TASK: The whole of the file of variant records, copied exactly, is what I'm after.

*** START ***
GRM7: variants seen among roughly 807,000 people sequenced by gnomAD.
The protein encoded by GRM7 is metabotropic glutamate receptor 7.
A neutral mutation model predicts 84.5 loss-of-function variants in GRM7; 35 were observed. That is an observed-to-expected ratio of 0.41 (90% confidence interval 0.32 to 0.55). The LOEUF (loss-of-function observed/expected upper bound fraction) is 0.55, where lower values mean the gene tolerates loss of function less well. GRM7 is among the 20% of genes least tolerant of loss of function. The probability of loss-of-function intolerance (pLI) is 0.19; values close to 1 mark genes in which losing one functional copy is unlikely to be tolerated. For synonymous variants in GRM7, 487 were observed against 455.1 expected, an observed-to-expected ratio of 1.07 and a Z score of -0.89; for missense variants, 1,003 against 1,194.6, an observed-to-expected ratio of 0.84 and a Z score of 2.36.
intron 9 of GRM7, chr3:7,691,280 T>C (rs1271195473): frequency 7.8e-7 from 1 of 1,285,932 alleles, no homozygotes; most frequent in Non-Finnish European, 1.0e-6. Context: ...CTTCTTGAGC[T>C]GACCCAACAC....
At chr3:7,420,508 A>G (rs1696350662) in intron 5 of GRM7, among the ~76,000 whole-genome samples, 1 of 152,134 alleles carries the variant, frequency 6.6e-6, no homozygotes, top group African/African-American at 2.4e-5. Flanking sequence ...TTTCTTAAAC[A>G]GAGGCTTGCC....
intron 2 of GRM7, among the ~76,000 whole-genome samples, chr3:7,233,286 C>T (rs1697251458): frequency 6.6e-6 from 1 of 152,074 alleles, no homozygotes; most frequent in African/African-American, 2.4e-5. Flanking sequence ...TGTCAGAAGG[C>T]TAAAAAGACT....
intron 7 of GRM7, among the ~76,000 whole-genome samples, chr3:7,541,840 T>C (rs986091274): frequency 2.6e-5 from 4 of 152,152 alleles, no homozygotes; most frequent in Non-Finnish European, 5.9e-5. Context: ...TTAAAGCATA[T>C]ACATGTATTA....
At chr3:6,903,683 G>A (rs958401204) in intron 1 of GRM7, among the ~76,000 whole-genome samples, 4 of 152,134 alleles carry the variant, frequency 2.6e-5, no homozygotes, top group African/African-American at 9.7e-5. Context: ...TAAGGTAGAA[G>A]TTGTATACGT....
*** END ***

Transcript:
GRM7: variants seen among roughly 807,000 people sequenced by gnomAD.
The protein encoded by GRM7 is metabotropic glutamate receptor 7.
A neutral mutation model predicts 84.5 loss-of-function variants in GRM7; 35 were observed. That is an observed-to-expected ratio of 0.41 (90% confidence interval 0.32 to 0.55). The LOEUF (loss-of-function observed/expected upper bound fraction) is 0.55, where lower values mean the gene tolerates loss of function less well. GRM7 is among the 20% of genes least tolerant of loss of function. The probability of loss-of-function intolerance (pLI) is 0.19; values close to 1 mark genes in which losing one functional copy is unlikely to be tolerated. For synonymous variants in GRM7, 487 were observed against 455.1 expected, an observed-to-expected ratio of 1.07 and a Z score of -0.89; for missense variants, 1,003 against 1,194.6, an observed-to-expected ratio of 0.84 and a Z score of 2.36.
intron 9 of GRM7, chr3:7,691,280 T>C (rs1271195473): frequency 7.8e-7 from 1 of 1,285,932 alleles, no homozygotes; most frequent in Non-Finnish European, 1.0e-6. Context: ...CTTCTTGAGC[T>C]GACCCAACAC....
At chr3:7,420,508 A>G (rs1696350662) in intron 5 of GRM7, among the ~76,000 whole-genome samples, 1 of 152,134 alleles carries the variant, frequency 6.6e-6, no homozygotes, top group African/African-American at 2.4e-5. Flanking sequence ...TTTCTTAAAC[A>G]GAGGCTTGCC....
intron 2 of GRM7, among the ~76,000 whole-genome samples, chr3:7,233,286 C>T (rs1697251458): frequency 6.6e-6 from 1 of 152,074 alleles, no homozygotes; most frequent in African/African-American, 2.4e-5. Flanking sequence ...TGTCAGAAGG[C>T]TAAAAAGACT....
intron 7 of GRM7, among the ~76,000 whole-genome samples, chr3:7,541,840 T>C (rs986091274): frequency 2.6e-5 from 4 of 152,152 alleles, no homozygotes; most frequent in Non-Finnish European, 5.9e-5. Context: ...TTAAAGCATA[T>C]ACATGTATTA....
At chr3:6,903,683 G>A (rs958401204) in intron 1 of GRM7, among the ~76,000 whole-genome samples, 4 of 152,134 alleles carry the variant, frequency 2.6e-5, no homozygotes, top group African/African-American at 9.7e-5. Context: ...TAAGGTAGAA[G>A]TTGTATACGT....